South Africa and the rest of Africa should not be forced into abandoning fossil fuels at the behest of wealthier nations while they transition to renewable energy.
This is according to Standard Bank CEO Sim Tshabalala, who said during a session at the BRICS Business Forum earlier this week that Africa’s climate choices must be respected as the continent has the right to use the fossil fuels at its disposal.
Tshabalala also called on the transition to renewable energy to be fairer and for compensation to feature in future global climate discussions.
The continent has several large carbon sinks that take more carbon out of the atmosphere than it emits.
Tshabalala said this is a service for which the rest of the world should pay Africa.
“We also need to insist on the right of African nations to use resources to mitigate and adapt to climate change, including by using fossil fuels,” Tshabalala said.
“We recognise the need for us to mitigate and adapt, but we insist this has to be done in a fair and equitable way for the people of South Africa and the rest of Africa.”
The CEO of Africa’s largest bank said the institution recognises that the world is warming and carbon emissions have increased rapidly since the beginning of the 20th century.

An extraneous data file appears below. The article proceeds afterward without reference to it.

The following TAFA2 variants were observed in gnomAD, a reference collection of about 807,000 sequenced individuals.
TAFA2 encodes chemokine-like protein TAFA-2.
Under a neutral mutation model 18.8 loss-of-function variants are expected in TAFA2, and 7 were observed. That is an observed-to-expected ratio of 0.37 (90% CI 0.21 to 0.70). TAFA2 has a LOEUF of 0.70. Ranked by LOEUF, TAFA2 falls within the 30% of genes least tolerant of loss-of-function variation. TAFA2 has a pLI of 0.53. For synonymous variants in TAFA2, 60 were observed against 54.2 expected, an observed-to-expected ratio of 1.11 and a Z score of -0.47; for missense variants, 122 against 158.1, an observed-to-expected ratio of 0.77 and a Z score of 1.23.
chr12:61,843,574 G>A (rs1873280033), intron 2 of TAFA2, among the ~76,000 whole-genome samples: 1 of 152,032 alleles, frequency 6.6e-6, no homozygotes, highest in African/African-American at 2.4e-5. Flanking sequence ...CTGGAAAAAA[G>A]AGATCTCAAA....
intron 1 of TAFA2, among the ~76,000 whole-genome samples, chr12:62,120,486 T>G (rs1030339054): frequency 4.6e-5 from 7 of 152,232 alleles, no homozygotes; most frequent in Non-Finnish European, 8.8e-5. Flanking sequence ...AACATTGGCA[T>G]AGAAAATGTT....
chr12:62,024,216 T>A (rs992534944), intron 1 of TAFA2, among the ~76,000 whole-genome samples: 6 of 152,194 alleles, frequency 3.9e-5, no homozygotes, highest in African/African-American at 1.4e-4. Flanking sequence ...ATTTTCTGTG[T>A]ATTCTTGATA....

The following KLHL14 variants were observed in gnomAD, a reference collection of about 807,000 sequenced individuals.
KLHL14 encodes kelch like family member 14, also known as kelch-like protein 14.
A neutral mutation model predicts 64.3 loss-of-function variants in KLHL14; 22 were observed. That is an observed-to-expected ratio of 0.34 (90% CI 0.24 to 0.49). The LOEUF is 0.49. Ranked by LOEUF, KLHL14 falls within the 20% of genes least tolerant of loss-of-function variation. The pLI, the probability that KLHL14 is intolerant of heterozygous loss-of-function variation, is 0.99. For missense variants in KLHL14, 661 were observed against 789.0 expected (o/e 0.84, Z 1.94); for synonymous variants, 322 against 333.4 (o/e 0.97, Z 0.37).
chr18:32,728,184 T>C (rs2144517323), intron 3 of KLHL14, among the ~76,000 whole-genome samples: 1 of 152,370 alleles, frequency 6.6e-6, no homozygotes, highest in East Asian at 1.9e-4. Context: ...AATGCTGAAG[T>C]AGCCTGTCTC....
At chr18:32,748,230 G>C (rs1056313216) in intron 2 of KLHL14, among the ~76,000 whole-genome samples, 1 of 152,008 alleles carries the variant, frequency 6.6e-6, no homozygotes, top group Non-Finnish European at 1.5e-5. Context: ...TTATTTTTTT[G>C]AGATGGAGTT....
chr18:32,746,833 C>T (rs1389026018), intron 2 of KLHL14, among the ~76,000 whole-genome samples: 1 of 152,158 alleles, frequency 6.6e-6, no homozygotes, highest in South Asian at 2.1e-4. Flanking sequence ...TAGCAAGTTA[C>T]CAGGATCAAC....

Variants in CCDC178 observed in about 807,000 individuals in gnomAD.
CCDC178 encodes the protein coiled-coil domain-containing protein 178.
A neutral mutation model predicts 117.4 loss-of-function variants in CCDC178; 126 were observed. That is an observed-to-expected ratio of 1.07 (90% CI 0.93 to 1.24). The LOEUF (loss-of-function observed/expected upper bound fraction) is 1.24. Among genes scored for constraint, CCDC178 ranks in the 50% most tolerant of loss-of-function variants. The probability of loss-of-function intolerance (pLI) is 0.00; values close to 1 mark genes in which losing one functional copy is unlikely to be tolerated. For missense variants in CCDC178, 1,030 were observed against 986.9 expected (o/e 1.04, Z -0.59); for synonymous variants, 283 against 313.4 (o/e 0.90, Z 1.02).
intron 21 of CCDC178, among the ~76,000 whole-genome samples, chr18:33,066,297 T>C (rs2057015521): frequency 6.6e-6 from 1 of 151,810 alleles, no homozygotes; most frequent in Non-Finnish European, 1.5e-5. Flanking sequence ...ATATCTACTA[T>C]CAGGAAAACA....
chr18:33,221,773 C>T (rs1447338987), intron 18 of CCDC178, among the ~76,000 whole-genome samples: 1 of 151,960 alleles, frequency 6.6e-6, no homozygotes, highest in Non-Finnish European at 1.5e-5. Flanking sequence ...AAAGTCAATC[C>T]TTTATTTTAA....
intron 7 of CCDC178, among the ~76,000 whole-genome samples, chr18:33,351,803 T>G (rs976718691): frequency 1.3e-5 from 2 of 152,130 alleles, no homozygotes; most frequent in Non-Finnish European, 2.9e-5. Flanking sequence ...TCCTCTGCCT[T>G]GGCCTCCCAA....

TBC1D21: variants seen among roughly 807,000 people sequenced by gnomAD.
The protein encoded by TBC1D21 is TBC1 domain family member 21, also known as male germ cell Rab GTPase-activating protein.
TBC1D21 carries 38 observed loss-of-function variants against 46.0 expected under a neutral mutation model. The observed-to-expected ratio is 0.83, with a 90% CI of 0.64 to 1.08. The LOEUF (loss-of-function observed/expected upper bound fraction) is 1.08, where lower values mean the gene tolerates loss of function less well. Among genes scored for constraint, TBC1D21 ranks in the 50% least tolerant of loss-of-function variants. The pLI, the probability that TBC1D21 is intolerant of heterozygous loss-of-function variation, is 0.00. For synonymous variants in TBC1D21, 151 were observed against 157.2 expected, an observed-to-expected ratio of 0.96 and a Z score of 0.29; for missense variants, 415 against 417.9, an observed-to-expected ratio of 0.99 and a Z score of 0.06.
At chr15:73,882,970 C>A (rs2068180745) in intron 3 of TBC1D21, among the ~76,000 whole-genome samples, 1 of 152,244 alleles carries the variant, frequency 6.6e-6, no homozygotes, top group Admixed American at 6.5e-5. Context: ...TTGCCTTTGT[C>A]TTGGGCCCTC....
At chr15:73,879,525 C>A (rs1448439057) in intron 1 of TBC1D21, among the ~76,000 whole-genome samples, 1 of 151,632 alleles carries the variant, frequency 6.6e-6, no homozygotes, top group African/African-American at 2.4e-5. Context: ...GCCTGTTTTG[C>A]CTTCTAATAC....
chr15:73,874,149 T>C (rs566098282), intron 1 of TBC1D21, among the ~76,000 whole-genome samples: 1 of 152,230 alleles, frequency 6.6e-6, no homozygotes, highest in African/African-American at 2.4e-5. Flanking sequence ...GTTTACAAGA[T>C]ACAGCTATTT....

“There is no question if you look at the reports from the Intergovernmental Panel on Climate Change that the science is saying the environment is changing and getting warmer.”
“But it is imperative, on the basis of the Paris Agreement, for us as Africans to insist on differentiated but common commitments that will give effect to a just transition,” Tshabalala said.
Standard Bank said in its results presentation for the six months to the end of June 2023 that it is paying particular attention to sustainable finance.
The bank has mobilised R83 billion in sustainable finance solutions since 2021, and its asset management company, Stanlib, raised R13 billion for a sustainable infrastructure fund.
Africa’s largest bank disbursed R1.1 billion to businesses for installing alternative energy sources and to solar solutions providers directly.
This puts the bank on track to reach its target of financing over R250 billion by the end of 2026. Standard Bank’s Corporate and Investment Banking (CIB) will conduct most of this lending.
CEO of Standard Bank’s CIB division Kenny Fihla said that the bank is seeing increased demand for funding from renewable projects across the continent.
Fihla said the company is seeing increased demand for renewable projects ranging from government-run Independent Power Producer projects to off-grid private sector projects.
Standard Bank’s renewable projects financing has risen with demand to over four times greater than the bank’s funding of non-renewable energy projects.
The bank set an initial target of financing R55 billion worth of renewable energy projects in Africa within two years from 2021. This target was reached in less than one year.
Standard Bank aims to finance R50 billion in renewable projects in the current financial year.
Fihla said most projects are in South Africa, with the bank starting to see demand pick up in Namibia, Kenya, and Nigeria.